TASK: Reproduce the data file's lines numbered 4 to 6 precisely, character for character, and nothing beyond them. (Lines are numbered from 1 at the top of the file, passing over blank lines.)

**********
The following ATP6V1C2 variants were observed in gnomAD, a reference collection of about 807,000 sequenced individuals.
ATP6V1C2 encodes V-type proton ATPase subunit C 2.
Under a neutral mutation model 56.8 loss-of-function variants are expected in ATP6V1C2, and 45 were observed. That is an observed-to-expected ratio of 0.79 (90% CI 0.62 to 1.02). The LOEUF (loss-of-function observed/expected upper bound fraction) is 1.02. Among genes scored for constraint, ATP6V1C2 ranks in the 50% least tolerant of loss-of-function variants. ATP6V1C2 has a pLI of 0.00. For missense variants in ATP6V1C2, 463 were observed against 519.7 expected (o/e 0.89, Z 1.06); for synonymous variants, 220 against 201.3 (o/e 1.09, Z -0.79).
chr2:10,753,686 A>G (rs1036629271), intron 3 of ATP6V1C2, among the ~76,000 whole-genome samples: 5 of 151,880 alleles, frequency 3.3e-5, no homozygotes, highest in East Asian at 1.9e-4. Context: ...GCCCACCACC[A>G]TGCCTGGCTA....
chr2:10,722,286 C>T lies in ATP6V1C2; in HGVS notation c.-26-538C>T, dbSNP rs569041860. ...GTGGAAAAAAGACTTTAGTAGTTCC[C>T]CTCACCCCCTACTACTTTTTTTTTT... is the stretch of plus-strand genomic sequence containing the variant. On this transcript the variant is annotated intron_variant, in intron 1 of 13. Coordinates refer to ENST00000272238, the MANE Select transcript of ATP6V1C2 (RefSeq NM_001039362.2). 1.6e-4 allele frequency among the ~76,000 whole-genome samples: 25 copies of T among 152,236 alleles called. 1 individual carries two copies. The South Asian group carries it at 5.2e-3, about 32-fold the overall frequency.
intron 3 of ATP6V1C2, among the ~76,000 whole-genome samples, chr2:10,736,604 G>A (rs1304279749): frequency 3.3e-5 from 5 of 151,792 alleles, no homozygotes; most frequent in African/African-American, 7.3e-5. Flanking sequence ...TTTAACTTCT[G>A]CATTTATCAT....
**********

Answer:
chr2:10,753,686 A>G (rs1036629271), intron 3 of ATP6V1C2, among the ~76,000 whole-genome samples: 5 of 151,880 alleles, frequency 3.3e-5, no homozygotes, highest in East Asian at 1.9e-4. Context: ...GCCCACCACC[A>G]TGCCTGGCTA....
chr2:10,722,286 C>T lies in ATP6V1C2; in HGVS notation c.-26-538C>T, dbSNP rs569041860. ...GTGGAAAAAAGACTTTAGTAGTTCC[C>T]CTCACCCCCTACTACTTTTTTTTTT... is the stretch of plus-strand genomic sequence containing the variant. On this transcript the variant is annotated intron_variant, in intron 1 of 13. Coordinates refer to ENST00000272238, the MANE Select transcript of ATP6V1C2 (RefSeq NM_001039362.2). 1.6e-4 allele frequency among the ~76,000 whole-genome samples: 25 copies of T among 152,236 alleles called. 1 individual carries two copies. The South Asian group carries it at 5.2e-3, about 32-fold the overall frequency.
intron 3 of ATP6V1C2, among the ~76,000 whole-genome samples, chr2:10,736,604 G>A (rs1304279749): frequency 3.3e-5 from 5 of 151,792 alleles, no homozygotes; most frequent in African/African-American, 7.3e-5. Flanking sequence ...TTTAACTTCT[G>A]CATTTATCAT....